Released: 2006, Frontiers Records/Zink Music
Reviewer: Anders Sandvall
Shark Island is yet another reunited band that was originally founded with Richard Black on lead vocals and Spencer Sercombe on guitar back in 1979 under the name The Shark. They soon gained a reputation of being a mean live act in the Los Angeles live scene. A lot of different acts from Sunset Strip made it big the following years but The Shark didn’t. Their debut AFTER EGO came out in 1982, and in the middle of the 80’s the guys changed their name to Shark Island. After a few record releases, trouble with labels, and hard touring, the band were put to rest at the beginning of the 90’s.
It all kicked off when Robert Marshall at Manifest Music heard a few of the bands old demos and called up guitarist Spencer Sercomb. All of the original members besides Greg Ellis, now replaced by Glen Sobel, gathered in LA to re-record the old demos which took 9 months to do. The guys wrote 50-60 new songs before the band was put to rest; it’s those songs that are featured on the new album, but which songs are old or new I don’t know. Frontiers Records signed Shark Island and released their new album which contains old demos from an album that was never made. And, as almost always, Frontiers Records delivers an album by a melodic hardock/rock act.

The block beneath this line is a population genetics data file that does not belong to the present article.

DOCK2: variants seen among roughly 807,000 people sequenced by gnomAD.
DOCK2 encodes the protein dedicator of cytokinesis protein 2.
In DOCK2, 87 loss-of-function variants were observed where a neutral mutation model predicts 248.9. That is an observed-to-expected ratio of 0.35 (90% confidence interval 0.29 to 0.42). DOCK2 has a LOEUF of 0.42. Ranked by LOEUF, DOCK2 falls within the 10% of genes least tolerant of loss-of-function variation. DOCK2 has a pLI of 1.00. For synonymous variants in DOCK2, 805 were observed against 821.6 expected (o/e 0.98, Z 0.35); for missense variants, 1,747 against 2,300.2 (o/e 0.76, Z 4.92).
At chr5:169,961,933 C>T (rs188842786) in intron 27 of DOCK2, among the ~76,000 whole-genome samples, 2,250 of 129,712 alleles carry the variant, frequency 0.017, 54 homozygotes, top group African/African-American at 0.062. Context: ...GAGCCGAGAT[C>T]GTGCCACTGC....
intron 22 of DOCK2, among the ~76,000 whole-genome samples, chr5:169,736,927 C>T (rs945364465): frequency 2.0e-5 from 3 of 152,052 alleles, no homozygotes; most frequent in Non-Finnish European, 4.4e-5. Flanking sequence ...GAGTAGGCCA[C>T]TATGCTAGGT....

The production sets the lead vocals and guitar in main focus on almost all of the 13 tracks. The album is really long, about 66 minutes, and that’s too long for me when it comes to this album. The material feels too shattered and pointy. It includes 5 ballads, which is too many, and they add nothing to the album at all. All of the musicians are skilled and talented, but unfortunately that’s not enough to help the pretty weak songs last all the way. The production is standard; one which we all have heard one too many times before. Richard Black lies too high in the mix and you can hardly hear the keyboards.
There are a few highlights though in “The Stranger”, “Go West”, “Down To the Ground”, “Heaven” and “Will To Power”. All of them are melodic hardrock/rock tunes. GATHERING OF THE FAITHFUL doesn’t leave any mark in either my mind or my stereo and it’s not likely that I’m ever gonna listen to it again.